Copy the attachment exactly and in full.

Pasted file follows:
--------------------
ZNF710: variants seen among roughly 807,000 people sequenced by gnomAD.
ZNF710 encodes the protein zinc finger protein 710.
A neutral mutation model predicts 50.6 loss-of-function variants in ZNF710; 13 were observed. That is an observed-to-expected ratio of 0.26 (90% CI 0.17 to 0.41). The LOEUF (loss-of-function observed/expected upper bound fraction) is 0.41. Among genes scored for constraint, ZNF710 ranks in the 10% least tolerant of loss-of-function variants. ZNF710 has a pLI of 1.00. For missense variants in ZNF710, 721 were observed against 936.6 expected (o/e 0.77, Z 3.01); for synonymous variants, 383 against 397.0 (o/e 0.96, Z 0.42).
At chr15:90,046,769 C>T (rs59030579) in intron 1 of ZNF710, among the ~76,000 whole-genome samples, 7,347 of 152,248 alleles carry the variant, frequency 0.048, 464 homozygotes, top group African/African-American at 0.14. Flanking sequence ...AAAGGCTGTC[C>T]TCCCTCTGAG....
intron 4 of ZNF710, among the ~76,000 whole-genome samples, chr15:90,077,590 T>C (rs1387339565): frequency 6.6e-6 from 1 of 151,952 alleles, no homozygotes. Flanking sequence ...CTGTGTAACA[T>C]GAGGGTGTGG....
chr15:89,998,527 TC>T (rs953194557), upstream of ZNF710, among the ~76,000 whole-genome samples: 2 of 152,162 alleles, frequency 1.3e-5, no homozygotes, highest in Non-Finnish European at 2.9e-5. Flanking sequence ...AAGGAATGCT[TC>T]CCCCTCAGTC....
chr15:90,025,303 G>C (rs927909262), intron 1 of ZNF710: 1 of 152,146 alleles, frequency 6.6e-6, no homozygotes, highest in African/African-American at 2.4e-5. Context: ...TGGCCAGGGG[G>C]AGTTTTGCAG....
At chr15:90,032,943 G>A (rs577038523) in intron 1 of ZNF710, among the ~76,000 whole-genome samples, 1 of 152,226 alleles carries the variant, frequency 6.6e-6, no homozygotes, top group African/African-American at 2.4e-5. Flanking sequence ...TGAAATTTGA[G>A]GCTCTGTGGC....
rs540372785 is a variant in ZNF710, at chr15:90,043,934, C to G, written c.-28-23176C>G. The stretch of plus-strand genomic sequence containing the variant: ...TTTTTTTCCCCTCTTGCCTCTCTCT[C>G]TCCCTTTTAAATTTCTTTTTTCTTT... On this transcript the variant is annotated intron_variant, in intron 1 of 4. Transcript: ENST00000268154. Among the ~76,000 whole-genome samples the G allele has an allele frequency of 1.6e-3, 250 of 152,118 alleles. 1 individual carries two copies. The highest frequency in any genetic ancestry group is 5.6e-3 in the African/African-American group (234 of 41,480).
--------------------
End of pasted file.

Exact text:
ZNF710: variants seen among roughly 807,000 people sequenced by gnomAD.
ZNF710 encodes the protein zinc finger protein 710.
A neutral mutation model predicts 50.6 loss-of-function variants in ZNF710; 13 were observed. That is an observed-to-expected ratio of 0.26 (90% CI 0.17 to 0.41). The LOEUF (loss-of-function observed/expected upper bound fraction) is 0.41. Among genes scored for constraint, ZNF710 ranks in the 10% least tolerant of loss-of-function variants. ZNF710 has a pLI of 1.00. For missense variants in ZNF710, 721 were observed against 936.6 expected (o/e 0.77, Z 3.01); for synonymous variants, 383 against 397.0 (o/e 0.96, Z 0.42).
At chr15:90,046,769 C>T (rs59030579) in intron 1 of ZNF710, among the ~76,000 whole-genome samples, 7,347 of 152,248 alleles carry the variant, frequency 0.048, 464 homozygotes, top group African/African-American at 0.14. Flanking sequence ...AAAGGCTGTC[C>T]TCCCTCTGAG....
intron 4 of ZNF710, among the ~76,000 whole-genome samples, chr15:90,077,590 T>C (rs1387339565): frequency 6.6e-6 from 1 of 151,952 alleles, no homozygotes. Flanking sequence ...CTGTGTAACA[T>C]GAGGGTGTGG....
chr15:89,998,527 TC>T (rs953194557), upstream of ZNF710, among the ~76,000 whole-genome samples: 2 of 152,162 alleles, frequency 1.3e-5, no homozygotes, highest in Non-Finnish European at 2.9e-5. Flanking sequence ...AAGGAATGCT[TC>T]CCCCTCAGTC....
chr15:90,025,303 G>C (rs927909262), intron 1 of ZNF710: 1 of 152,146 alleles, frequency 6.6e-6, no homozygotes, highest in African/African-American at 2.4e-5. Context: ...TGGCCAGGGG[G>C]AGTTTTGCAG....
At chr15:90,032,943 G>A (rs577038523) in intron 1 of ZNF710, among the ~76,000 whole-genome samples, 1 of 152,226 alleles carries the variant, frequency 6.6e-6, no homozygotes, top group African/African-American at 2.4e-5. Flanking sequence ...TGAAATTTGA[G>A]GCTCTGTGGC....
rs540372785 is a variant in ZNF710, at chr15:90,043,934, C to G, written c.-28-23176C>G. The stretch of plus-strand genomic sequence containing the variant: ...TTTTTTTCCCCTCTTGCCTCTCTCT[C>G]TCCCTTTTAAATTTCTTTTTTCTTT... On this transcript the variant is annotated intron_variant, in intron 1 of 4. Transcript: ENST00000268154. Among the ~76,000 whole-genome samples the G allele has an allele frequency of 1.6e-3, 250 of 152,118 alleles. 1 individual carries two copies. The highest frequency in any genetic ancestry group is 5.6e-3 in the African/African-American group (234 of 41,480).